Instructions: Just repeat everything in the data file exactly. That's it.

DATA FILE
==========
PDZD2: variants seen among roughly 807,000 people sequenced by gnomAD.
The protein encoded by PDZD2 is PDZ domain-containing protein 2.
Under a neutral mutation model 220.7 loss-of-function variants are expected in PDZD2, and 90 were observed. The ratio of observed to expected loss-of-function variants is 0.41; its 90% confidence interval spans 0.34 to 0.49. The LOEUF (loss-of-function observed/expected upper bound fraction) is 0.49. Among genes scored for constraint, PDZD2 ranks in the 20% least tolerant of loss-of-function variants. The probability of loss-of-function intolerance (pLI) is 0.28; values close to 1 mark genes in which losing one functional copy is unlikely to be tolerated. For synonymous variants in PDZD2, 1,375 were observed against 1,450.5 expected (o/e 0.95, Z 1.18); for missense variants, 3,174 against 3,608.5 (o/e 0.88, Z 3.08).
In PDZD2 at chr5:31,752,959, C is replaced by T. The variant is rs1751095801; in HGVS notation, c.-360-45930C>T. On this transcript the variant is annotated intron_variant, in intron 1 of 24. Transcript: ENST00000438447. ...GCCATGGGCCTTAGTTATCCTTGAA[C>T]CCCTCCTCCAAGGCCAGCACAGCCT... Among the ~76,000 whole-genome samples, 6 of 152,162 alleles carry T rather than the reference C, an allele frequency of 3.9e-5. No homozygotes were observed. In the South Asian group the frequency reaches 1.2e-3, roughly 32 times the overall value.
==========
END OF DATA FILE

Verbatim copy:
PDZD2: variants seen among roughly 807,000 people sequenced by gnomAD.
The protein encoded by PDZD2 is PDZ domain-containing protein 2.
Under a neutral mutation model 220.7 loss-of-function variants are expected in PDZD2, and 90 were observed. The ratio of observed to expected loss-of-function variants is 0.41; its 90% confidence interval spans 0.34 to 0.49. The LOEUF (loss-of-function observed/expected upper bound fraction) is 0.49. Among genes scored for constraint, PDZD2 ranks in the 20% least tolerant of loss-of-function variants. The probability of loss-of-function intolerance (pLI) is 0.28; values close to 1 mark genes in which losing one functional copy is unlikely to be tolerated. For synonymous variants in PDZD2, 1,375 were observed against 1,450.5 expected (o/e 0.95, Z 1.18); for missense variants, 3,174 against 3,608.5 (o/e 0.88, Z 3.08).
In PDZD2 at chr5:31,752,959, C is replaced by T. The variant is rs1751095801; in HGVS notation, c.-360-45930C>T. On this transcript the variant is annotated intron_variant, in intron 1 of 24. Transcript: ENST00000438447. ...GCCATGGGCCTTAGTTATCCTTGAA[C>T]CCCTCCTCCAAGGCCAGCACAGCCT... Among the ~76,000 whole-genome samples, 6 of 152,162 alleles carry T rather than the reference C, an allele frequency of 3.9e-5. No homozygotes were observed. In the South Asian group the frequency reaches 1.2e-3, roughly 32 times the overall value.